Secondly, although forgiveness changes some people, not all people experience change. Some don’t want it. Some resist love and would rather remain spiteful, and may well seek to hurt us again. What should we do? Christ calls upon us to forgive others, just as God in Christ keeps on forgiving us. Your willingness to forgive may never change the other person, but it will permit you to be changed, and healed, and you will find peace.

 

Failure to forgive can have serious repercussions. The world teaches us, “an eye for an eye and a tooth for a tooth” and we learn that lesson very well. It’s easy to dig in one’s heels and keep the grudge alive. Yet that spirit will become a cancer within us that can destroy us completely. I know, because I’ve been there too.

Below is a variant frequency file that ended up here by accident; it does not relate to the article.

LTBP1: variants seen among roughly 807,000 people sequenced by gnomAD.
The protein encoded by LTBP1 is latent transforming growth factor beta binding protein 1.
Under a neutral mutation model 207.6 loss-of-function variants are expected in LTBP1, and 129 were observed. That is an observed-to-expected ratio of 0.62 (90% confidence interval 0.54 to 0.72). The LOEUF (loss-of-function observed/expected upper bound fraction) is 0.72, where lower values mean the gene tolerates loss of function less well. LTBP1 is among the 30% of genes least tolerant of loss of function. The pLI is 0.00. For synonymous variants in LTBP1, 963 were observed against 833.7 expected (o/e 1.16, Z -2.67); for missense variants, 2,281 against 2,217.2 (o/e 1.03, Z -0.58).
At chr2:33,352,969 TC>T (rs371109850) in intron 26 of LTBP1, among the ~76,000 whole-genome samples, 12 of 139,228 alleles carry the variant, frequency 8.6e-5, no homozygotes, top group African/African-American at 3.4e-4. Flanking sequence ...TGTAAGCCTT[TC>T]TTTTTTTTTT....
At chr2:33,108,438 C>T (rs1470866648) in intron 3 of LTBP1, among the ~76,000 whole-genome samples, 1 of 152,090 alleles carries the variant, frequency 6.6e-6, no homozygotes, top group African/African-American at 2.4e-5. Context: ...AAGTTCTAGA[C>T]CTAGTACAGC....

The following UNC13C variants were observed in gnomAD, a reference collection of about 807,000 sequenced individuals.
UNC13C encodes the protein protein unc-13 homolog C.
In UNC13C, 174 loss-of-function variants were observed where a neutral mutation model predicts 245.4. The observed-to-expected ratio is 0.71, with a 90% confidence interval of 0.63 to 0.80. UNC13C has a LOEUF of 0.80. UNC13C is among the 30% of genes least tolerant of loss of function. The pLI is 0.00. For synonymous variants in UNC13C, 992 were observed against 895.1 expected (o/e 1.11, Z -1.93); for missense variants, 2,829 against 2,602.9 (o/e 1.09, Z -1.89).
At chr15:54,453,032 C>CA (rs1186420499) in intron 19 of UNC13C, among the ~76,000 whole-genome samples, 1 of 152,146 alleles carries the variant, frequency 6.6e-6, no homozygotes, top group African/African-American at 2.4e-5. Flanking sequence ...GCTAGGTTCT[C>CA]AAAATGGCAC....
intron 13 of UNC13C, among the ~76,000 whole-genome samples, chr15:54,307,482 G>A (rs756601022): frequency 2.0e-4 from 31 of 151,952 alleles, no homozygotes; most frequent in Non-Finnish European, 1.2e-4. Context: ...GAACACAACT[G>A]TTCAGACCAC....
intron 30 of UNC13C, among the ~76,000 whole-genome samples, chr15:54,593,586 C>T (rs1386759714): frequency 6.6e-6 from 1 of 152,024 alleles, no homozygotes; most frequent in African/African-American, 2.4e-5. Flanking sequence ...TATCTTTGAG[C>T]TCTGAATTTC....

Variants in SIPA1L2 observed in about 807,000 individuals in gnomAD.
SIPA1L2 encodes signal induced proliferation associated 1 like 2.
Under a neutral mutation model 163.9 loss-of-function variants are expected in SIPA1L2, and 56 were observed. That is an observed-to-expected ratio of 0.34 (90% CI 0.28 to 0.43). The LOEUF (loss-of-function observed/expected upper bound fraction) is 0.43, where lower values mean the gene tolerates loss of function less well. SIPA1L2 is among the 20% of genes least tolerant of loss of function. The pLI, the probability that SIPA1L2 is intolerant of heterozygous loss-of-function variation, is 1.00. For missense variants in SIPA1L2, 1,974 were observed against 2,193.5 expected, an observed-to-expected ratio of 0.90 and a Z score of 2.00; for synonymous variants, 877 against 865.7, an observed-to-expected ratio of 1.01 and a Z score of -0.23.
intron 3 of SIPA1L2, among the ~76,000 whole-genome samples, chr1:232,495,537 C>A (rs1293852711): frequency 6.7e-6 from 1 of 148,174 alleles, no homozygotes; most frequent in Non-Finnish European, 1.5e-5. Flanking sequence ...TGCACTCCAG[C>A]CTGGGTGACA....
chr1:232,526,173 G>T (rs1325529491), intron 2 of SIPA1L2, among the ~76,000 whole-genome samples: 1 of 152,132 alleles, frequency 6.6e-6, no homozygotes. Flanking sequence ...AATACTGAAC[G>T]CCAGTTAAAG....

Several years ago a member of my extended family did something that hurt me greatly. I was angry and wanted to retaliate. Even though we lived in different parts of the country, I avoided this person whenever “family” got together.  She had not changed over the years and just her name caused my stomach to churn. Years past but I did not forget. I prayed to God to help me, but I wouldn’t let the matter go. I finally spoke with someone and told him the whole story. Told him that I kept tripping over the phrase “as we forgive those who trespass against us” whenever I recited the Lord’s Prayer.  Told him how guilty I felt whenever I read Bible stories like our Gospel today.